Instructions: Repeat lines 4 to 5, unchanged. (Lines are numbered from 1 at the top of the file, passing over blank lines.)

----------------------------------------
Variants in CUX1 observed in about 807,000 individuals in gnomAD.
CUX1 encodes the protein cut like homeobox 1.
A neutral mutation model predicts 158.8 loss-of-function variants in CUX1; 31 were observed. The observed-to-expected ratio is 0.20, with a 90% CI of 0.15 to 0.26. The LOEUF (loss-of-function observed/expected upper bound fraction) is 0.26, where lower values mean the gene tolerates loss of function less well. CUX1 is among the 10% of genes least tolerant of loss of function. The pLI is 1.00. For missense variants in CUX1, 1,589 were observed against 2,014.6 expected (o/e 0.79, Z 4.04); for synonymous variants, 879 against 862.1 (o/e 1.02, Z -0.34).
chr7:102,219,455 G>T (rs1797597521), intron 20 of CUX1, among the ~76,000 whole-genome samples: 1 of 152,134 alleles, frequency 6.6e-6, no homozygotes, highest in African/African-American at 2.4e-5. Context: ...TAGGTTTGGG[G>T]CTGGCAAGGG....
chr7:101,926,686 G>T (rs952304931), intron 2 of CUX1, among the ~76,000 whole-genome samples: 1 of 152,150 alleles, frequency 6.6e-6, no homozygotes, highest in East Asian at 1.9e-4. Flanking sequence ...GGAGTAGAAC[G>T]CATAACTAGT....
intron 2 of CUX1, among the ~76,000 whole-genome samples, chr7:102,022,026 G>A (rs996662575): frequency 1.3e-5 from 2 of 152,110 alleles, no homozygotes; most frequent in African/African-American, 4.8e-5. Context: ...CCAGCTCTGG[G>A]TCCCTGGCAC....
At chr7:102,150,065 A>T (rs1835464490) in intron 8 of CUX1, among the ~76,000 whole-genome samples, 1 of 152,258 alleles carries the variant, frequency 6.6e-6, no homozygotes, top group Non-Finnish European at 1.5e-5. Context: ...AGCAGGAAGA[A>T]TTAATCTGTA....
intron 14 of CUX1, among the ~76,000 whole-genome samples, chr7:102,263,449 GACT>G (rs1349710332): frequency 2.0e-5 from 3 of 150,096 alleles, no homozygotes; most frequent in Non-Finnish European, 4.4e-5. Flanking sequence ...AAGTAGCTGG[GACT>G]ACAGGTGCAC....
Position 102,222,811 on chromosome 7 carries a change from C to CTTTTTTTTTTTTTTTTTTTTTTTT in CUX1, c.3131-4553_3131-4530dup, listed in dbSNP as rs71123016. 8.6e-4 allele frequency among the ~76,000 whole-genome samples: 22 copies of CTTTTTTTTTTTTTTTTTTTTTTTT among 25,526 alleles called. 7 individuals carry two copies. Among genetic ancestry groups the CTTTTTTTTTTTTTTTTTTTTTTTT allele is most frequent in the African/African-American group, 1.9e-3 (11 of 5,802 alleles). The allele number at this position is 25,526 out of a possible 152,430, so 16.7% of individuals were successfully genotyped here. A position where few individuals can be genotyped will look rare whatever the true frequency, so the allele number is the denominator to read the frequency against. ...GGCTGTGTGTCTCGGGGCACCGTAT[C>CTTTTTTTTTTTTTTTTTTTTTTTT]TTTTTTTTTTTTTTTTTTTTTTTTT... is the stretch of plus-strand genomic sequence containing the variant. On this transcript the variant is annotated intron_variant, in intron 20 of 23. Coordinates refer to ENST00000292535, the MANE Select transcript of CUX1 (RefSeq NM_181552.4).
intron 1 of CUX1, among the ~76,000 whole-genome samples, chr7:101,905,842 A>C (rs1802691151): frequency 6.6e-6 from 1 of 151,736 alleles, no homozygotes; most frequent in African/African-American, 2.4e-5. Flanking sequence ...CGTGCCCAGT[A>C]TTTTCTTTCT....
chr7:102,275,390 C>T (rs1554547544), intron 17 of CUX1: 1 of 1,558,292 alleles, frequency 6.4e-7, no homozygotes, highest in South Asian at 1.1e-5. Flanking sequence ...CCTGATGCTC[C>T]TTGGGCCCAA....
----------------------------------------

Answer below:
chr7:102,219,455 G>T (rs1797597521), intron 20 of CUX1, among the ~76,000 whole-genome samples: 1 of 152,134 alleles, frequency 6.6e-6, no homozygotes, highest in African/African-American at 2.4e-5. Context: ...TAGGTTTGGG[G>T]CTGGCAAGGG....
chr7:101,926,686 G>T (rs952304931), intron 2 of CUX1, among the ~76,000 whole-genome samples: 1 of 152,150 alleles, frequency 6.6e-6, no homozygotes, highest in East Asian at 1.9e-4. Flanking sequence ...GGAGTAGAAC[G>T]CATAACTAGT....